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1666903 tn?1383332156

Neurology and Neurosurgery

I've been diagnosed with lumbar and cervical stenosis. The lumbar portion is causing the most difficulties. I was told that there is an issue with or between (can't remember) L4 and L5. I've undergone physical therapy, drug treatment, rehab, and three sets of epidural injections, to no avail. Surgery is my last resort. However, I'm a poor surgical risk because I am obese. Does that completely rule me out? I can't live in this kind of pain for much longer. "Electricity " shoots down my leg at odd intervals, my leg burns like fire most of the time, and sleep has become elusive. I'm unable to sleep for longer than an hour at a time, because I have to get up to stop the pain in the back of my hip. All of the options for treatment have been exhausted. Surgery is the final stop. Is there any way I can get this done? I had another surgery last year and the only problem was that I came out of the anesthesia too slowly. Does that preclude me from having the procedure? Thanks, grannymusiclover.
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Avatar universal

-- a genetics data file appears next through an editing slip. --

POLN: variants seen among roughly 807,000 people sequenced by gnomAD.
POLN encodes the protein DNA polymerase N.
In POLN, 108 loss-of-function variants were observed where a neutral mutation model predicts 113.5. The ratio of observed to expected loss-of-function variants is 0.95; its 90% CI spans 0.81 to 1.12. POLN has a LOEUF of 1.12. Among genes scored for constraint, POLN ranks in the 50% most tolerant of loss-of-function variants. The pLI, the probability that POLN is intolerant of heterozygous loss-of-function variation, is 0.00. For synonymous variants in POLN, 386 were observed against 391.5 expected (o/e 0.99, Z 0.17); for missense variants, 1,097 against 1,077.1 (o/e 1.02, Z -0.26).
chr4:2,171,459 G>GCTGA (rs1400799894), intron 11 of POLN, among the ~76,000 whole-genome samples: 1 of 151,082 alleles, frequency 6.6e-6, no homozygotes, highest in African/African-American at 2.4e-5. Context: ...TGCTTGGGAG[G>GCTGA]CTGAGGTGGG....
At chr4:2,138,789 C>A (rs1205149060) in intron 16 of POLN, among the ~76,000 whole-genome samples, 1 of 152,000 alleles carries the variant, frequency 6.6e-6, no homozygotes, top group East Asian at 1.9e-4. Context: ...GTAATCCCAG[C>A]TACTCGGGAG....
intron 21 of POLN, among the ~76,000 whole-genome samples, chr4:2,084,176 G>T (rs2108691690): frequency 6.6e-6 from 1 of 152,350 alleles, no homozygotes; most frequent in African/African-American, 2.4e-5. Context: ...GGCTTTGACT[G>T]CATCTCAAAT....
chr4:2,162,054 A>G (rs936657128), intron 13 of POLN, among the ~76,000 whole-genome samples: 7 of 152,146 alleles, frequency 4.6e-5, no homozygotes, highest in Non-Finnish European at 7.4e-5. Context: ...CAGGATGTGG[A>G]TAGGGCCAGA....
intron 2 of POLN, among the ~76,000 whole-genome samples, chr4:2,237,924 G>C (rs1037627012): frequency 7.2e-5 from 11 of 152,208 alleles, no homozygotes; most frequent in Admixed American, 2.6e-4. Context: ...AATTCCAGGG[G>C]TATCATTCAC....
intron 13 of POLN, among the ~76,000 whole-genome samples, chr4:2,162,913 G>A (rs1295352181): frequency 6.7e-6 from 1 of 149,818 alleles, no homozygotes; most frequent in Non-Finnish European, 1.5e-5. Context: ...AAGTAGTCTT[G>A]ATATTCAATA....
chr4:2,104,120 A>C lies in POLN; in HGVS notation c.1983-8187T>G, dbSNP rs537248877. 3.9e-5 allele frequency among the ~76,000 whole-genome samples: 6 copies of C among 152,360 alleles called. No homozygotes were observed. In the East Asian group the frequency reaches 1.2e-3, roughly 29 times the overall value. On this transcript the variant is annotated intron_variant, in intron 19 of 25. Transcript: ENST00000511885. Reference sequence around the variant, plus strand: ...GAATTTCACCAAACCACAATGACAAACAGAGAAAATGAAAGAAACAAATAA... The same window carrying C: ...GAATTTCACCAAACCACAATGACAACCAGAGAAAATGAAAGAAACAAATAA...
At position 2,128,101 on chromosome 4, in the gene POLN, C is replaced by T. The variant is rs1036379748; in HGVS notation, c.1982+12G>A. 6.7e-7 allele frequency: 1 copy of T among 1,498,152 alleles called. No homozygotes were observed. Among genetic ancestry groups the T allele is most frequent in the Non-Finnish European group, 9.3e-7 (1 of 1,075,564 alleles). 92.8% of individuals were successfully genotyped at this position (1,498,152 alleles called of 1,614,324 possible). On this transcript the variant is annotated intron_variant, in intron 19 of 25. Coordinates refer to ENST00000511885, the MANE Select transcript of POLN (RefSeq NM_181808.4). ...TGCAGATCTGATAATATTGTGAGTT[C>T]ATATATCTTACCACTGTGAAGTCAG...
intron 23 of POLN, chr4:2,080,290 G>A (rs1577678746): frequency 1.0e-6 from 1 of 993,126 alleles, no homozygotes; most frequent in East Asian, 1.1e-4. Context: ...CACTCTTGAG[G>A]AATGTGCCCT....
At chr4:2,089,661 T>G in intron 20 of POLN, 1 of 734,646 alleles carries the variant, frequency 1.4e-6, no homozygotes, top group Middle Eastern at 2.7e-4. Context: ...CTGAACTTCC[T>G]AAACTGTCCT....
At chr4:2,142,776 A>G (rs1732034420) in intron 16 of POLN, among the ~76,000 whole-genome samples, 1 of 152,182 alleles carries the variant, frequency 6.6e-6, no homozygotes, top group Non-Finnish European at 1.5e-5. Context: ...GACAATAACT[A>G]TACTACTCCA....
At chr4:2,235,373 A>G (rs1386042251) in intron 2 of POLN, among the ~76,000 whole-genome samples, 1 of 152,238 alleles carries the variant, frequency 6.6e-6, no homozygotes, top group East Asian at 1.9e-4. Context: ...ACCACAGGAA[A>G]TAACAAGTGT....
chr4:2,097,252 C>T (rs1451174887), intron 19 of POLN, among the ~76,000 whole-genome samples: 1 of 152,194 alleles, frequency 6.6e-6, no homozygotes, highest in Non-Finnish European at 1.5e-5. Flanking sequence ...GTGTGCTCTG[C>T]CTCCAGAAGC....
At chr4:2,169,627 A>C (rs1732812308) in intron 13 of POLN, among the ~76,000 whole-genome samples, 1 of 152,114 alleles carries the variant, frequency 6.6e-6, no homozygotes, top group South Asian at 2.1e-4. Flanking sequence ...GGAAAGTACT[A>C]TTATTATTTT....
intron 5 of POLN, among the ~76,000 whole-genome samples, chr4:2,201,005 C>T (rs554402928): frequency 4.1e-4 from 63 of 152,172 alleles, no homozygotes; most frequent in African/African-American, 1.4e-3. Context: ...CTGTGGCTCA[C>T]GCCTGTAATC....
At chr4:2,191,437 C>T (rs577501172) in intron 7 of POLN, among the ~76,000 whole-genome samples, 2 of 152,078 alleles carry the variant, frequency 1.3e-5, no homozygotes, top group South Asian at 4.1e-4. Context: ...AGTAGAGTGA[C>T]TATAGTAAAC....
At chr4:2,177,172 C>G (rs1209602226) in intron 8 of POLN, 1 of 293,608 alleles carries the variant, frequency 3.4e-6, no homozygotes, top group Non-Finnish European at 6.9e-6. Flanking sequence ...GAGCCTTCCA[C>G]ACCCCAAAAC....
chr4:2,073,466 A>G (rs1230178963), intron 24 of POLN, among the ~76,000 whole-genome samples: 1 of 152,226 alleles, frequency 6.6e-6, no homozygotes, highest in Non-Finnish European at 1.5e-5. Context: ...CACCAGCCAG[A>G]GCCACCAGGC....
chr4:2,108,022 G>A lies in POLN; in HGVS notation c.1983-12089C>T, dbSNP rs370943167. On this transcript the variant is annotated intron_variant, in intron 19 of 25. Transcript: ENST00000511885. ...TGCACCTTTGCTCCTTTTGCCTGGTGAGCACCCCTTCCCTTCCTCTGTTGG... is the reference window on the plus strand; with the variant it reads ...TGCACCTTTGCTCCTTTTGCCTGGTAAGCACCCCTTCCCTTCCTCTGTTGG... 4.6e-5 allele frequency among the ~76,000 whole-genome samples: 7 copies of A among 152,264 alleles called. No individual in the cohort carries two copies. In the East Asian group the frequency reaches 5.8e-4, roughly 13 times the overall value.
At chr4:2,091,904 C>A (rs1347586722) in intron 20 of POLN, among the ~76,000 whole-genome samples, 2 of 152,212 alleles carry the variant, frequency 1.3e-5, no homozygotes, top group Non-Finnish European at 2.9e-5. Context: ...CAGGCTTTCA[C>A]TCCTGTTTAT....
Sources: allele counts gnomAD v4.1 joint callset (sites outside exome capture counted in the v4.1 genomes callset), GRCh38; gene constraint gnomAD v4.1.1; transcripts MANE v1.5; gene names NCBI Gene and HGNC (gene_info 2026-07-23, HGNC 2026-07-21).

MEDICAL PROFESSIONAL
Hi there. I understand your predicament well. You need to consult your anesthesiologist who will check you up for other possible co morbidities with obesity like hypertension, cardiac disease and diabetes. Thyroid profile would be required to check if hypothyroidism led to delayed recovery from general anesthetics. Regional anesthesia also would be difficult with a higher risk of unpredictability and more frequency of a failed spinal anesthesia. A high-risk consent would be required if you are morbidly obese or have other chronic diseases etc. discuss these with your anesthesiologist and discuss the prognosis and predicted surgical outcome with the neurosurgeon. You could also seek inputs on oxygen- ozone therapy, which is partially interventional. Hope this helps. Take care.





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144586 tn?1284666164
That is a question only your anaesthesiologist and surgeon can answer for certain. Probably not - but that is something requiring an in-person evaluation, I am sure they have told you that sigtnificant relief from pain can be obtained by simply losing weight (hard, I know) and that the weight problem means that a laminectomy may not be that successful.
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